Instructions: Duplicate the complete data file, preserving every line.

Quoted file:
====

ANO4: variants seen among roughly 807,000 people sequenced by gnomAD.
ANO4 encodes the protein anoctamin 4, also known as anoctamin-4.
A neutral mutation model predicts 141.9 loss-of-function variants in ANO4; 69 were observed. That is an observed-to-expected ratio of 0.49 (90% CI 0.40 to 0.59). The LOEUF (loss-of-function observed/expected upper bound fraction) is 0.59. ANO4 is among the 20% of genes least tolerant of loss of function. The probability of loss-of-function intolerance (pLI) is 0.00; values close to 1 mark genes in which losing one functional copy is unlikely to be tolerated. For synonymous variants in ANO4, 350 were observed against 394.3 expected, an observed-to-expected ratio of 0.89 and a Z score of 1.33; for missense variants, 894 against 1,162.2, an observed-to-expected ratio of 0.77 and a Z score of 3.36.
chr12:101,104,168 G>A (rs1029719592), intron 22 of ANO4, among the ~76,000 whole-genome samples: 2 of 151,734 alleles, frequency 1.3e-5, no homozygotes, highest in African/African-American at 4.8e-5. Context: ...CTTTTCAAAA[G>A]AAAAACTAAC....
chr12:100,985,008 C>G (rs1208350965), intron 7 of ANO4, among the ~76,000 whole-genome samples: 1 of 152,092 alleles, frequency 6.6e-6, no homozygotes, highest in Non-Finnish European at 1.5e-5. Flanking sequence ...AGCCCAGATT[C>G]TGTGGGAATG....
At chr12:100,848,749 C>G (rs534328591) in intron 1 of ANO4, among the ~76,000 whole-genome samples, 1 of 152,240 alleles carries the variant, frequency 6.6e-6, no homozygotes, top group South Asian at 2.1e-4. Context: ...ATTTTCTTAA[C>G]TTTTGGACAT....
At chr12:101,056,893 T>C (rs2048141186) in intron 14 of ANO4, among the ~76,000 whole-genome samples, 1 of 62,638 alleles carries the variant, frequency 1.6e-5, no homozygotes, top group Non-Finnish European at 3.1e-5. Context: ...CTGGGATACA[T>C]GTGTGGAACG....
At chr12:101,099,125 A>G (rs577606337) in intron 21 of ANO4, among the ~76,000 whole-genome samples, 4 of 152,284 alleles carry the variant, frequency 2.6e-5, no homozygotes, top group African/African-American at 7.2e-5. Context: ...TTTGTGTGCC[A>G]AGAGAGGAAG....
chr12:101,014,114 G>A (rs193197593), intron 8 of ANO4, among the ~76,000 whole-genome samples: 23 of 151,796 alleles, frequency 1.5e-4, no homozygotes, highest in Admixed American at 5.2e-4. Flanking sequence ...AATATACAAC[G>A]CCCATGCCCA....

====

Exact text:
ANO4: variants seen among roughly 807,000 people sequenced by gnomAD.
ANO4 encodes the protein anoctamin 4, also known as anoctamin-4.
A neutral mutation model predicts 141.9 loss-of-function variants in ANO4; 69 were observed. That is an observed-to-expected ratio of 0.49 (90% CI 0.40 to 0.59). The LOEUF (loss-of-function observed/expected upper bound fraction) is 0.59. ANO4 is among the 20% of genes least tolerant of loss of function. The probability of loss-of-function intolerance (pLI) is 0.00; values close to 1 mark genes in which losing one functional copy is unlikely to be tolerated. For synonymous variants in ANO4, 350 were observed against 394.3 expected, an observed-to-expected ratio of 0.89 and a Z score of 1.33; for missense variants, 894 against 1,162.2, an observed-to-expected ratio of 0.77 and a Z score of 3.36.
chr12:101,104,168 G>A (rs1029719592), intron 22 of ANO4, among the ~76,000 whole-genome samples: 2 of 151,734 alleles, frequency 1.3e-5, no homozygotes, highest in African/African-American at 4.8e-5. Context: ...CTTTTCAAAA[G>A]AAAAACTAAC....
chr12:100,985,008 C>G (rs1208350965), intron 7 of ANO4, among the ~76,000 whole-genome samples: 1 of 152,092 alleles, frequency 6.6e-6, no homozygotes, highest in Non-Finnish European at 1.5e-5. Flanking sequence ...AGCCCAGATT[C>G]TGTGGGAATG....
At chr12:100,848,749 C>G (rs534328591) in intron 1 of ANO4, among the ~76,000 whole-genome samples, 1 of 152,240 alleles carries the variant, frequency 6.6e-6, no homozygotes, top group South Asian at 2.1e-4. Context: ...ATTTTCTTAA[C>G]TTTTGGACAT....
At chr12:101,056,893 T>C (rs2048141186) in intron 14 of ANO4, among the ~76,000 whole-genome samples, 1 of 62,638 alleles carries the variant, frequency 1.6e-5, no homozygotes, top group Non-Finnish European at 3.1e-5. Context: ...CTGGGATACA[T>C]GTGTGGAACG....
At chr12:101,099,125 A>G (rs577606337) in intron 21 of ANO4, among the ~76,000 whole-genome samples, 4 of 152,284 alleles carry the variant, frequency 2.6e-5, no homozygotes, top group African/African-American at 7.2e-5. Context: ...TTTGTGTGCC[A>G]AGAGAGGAAG....
chr12:101,014,114 G>A (rs193197593), intron 8 of ANO4, among the ~76,000 whole-genome samples: 23 of 151,796 alleles, frequency 1.5e-4, no homozygotes, highest in Admixed American at 5.2e-4. Flanking sequence ...AATATACAAC[G>A]CCCATGCCCA....